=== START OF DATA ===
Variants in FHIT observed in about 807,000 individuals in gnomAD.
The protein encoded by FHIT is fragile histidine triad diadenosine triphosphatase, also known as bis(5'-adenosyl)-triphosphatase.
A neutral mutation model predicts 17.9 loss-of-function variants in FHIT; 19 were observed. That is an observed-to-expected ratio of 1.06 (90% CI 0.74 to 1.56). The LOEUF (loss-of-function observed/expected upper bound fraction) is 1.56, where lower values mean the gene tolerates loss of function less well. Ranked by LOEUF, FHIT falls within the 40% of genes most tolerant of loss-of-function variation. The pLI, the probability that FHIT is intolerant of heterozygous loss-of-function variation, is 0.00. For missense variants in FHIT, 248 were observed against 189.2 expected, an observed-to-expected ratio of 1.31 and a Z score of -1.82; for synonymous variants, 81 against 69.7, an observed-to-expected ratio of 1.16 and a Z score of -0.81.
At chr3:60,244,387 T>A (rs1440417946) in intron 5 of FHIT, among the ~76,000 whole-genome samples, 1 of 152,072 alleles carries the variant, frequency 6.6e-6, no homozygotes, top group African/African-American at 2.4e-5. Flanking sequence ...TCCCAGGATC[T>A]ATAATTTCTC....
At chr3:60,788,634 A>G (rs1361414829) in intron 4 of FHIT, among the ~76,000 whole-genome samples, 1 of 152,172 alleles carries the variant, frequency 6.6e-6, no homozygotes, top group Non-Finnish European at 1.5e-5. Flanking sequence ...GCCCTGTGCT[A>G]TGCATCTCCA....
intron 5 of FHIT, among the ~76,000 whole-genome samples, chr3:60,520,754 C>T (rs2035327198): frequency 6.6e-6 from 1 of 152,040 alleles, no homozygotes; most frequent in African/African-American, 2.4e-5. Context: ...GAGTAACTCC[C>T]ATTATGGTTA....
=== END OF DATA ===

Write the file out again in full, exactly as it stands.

Variants in FHIT observed in about 807,000 individuals in gnomAD.
The protein encoded by FHIT is fragile histidine triad diadenosine triphosphatase, also known as bis(5'-adenosyl)-triphosphatase.
A neutral mutation model predicts 17.9 loss-of-function variants in FHIT; 19 were observed. That is an observed-to-expected ratio of 1.06 (90% CI 0.74 to 1.56). The LOEUF (loss-of-function observed/expected upper bound fraction) is 1.56, where lower values mean the gene tolerates loss of function less well. Ranked by LOEUF, FHIT falls within the 40% of genes most tolerant of loss-of-function variation. The pLI, the probability that FHIT is intolerant of heterozygous loss-of-function variation, is 0.00. For missense variants in FHIT, 248 were observed against 189.2 expected, an observed-to-expected ratio of 1.31 and a Z score of -1.82; for synonymous variants, 81 against 69.7, an observed-to-expected ratio of 1.16 and a Z score of -0.81.
At chr3:60,244,387 T>A (rs1440417946) in intron 5 of FHIT, among the ~76,000 whole-genome samples, 1 of 152,072 alleles carries the variant, frequency 6.6e-6, no homozygotes, top group African/African-American at 2.4e-5. Flanking sequence ...TCCCAGGATC[T>A]ATAATTTCTC....
At chr3:60,788,634 A>G (rs1361414829) in intron 4 of FHIT, among the ~76,000 whole-genome samples, 1 of 152,172 alleles carries the variant, frequency 6.6e-6, no homozygotes, top group Non-Finnish European at 1.5e-5. Flanking sequence ...GCCCTGTGCT[A>G]TGCATCTCCA....
intron 5 of FHIT, among the ~76,000 whole-genome samples, chr3:60,520,754 C>T (rs2035327198): frequency 6.6e-6 from 1 of 152,040 alleles, no homozygotes; most frequent in African/African-American, 2.4e-5. Context: ...GAGTAACTCC[C>T]ATTATGGTTA....